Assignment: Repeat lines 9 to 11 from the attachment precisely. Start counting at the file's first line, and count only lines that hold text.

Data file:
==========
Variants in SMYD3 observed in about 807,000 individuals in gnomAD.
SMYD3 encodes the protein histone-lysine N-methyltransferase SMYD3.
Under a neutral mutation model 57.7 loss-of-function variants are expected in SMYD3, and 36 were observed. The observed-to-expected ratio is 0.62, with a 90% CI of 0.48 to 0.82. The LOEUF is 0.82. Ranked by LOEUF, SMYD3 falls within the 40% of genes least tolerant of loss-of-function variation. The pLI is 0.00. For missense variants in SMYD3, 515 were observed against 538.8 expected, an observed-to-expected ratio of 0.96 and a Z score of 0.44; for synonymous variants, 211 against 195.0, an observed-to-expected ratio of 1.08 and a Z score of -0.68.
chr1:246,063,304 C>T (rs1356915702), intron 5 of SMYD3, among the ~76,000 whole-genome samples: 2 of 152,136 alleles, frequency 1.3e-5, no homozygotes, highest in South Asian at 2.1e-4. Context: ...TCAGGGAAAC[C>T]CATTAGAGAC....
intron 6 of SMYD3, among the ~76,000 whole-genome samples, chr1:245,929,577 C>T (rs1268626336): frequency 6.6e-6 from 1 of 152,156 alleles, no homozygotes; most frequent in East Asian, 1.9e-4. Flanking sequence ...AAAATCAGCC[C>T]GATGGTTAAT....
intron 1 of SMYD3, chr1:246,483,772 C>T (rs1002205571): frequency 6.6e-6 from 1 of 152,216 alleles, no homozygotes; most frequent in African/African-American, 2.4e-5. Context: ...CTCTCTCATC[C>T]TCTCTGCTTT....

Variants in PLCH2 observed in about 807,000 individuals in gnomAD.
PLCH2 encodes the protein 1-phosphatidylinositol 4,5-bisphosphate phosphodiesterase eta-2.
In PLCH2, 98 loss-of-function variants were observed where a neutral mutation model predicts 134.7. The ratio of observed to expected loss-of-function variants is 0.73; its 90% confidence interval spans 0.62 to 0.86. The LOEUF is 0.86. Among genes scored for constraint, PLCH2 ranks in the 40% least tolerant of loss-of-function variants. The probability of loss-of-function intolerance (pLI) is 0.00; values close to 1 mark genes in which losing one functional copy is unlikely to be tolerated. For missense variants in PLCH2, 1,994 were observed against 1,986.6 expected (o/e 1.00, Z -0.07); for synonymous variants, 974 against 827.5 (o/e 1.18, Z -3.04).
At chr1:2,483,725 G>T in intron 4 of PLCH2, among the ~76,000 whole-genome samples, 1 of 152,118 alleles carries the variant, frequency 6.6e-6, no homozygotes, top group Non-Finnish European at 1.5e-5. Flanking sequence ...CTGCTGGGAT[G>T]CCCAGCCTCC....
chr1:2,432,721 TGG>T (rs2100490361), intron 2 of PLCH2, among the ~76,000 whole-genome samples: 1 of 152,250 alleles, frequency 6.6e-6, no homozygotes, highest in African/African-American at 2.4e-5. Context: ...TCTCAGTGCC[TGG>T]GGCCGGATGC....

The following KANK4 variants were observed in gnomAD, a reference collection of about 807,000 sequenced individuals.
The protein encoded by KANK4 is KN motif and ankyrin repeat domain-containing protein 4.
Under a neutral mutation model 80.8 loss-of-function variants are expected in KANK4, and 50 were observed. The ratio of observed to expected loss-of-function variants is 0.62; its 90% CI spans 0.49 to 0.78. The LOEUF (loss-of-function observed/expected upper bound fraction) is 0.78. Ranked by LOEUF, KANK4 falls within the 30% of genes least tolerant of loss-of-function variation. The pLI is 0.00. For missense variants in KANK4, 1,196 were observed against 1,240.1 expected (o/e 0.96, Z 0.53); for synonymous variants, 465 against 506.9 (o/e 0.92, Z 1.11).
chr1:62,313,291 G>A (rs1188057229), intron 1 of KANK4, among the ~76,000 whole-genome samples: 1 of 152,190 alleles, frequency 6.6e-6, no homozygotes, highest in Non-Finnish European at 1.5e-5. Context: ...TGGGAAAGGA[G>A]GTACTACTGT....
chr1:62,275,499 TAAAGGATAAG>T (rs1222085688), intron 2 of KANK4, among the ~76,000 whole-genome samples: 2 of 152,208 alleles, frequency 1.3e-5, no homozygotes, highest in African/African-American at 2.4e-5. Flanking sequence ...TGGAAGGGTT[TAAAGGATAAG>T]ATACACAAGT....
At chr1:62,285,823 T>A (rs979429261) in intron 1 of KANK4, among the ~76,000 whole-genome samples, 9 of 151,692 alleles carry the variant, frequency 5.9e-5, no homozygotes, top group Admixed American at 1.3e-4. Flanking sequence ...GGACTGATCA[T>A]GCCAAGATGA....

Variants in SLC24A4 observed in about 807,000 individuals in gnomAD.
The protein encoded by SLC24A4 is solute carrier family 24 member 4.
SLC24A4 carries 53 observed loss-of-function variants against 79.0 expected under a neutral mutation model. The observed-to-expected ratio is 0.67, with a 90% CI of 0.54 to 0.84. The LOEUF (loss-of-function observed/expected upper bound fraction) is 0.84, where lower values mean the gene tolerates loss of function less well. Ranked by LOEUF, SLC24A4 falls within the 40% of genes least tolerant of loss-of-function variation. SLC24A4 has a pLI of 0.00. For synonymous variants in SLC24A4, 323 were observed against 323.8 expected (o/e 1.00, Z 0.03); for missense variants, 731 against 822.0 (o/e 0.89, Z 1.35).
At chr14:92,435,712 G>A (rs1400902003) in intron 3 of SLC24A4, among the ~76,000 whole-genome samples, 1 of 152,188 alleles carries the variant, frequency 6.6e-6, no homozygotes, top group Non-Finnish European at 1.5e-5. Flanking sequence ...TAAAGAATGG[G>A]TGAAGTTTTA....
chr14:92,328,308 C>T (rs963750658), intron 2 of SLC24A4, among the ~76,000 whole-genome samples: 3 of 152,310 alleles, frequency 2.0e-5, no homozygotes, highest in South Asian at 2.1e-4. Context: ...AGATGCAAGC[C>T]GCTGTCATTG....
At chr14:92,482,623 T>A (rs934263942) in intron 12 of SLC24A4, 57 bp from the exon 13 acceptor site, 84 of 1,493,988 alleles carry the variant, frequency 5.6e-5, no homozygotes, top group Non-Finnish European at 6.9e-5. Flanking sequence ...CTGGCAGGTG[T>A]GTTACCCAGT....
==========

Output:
In PLCH2, 98 loss-of-function variants were observed where a neutral mutation model predicts 134.7. The ratio of observed to expected loss-of-function variants is 0.73; its 90% confidence interval spans 0.62 to 0.86. The LOEUF is 0.86. Among genes scored for constraint, PLCH2 ranks in the 40% least tolerant of loss-of-function variants. The probability of loss-of-function intolerance (pLI) is 0.00; values close to 1 mark genes in which losing one functional copy is unlikely to be tolerated. For missense variants in PLCH2, 1,994 were observed against 1,986.6 expected (o/e 1.00, Z -0.07); for synonymous variants, 974 against 827.5 (o/e 1.18, Z -3.04).
At chr1:2,483,725 G>T in intron 4 of PLCH2, among the ~76,000 whole-genome samples, 1 of 152,118 alleles carries the variant, frequency 6.6e-6, no homozygotes, top group Non-Finnish European at 1.5e-5. Flanking sequence ...CTGCTGGGAT[G>T]CCCAGCCTCC....
chr1:2,432,721 TGG>T (rs2100490361), intron 2 of PLCH2, among the ~76,000 whole-genome samples: 1 of 152,250 alleles, frequency 6.6e-6, no homozygotes, highest in African/African-American at 2.4e-5. Context: ...TCTCAGTGCC[TGG>T]GGCCGGATGC....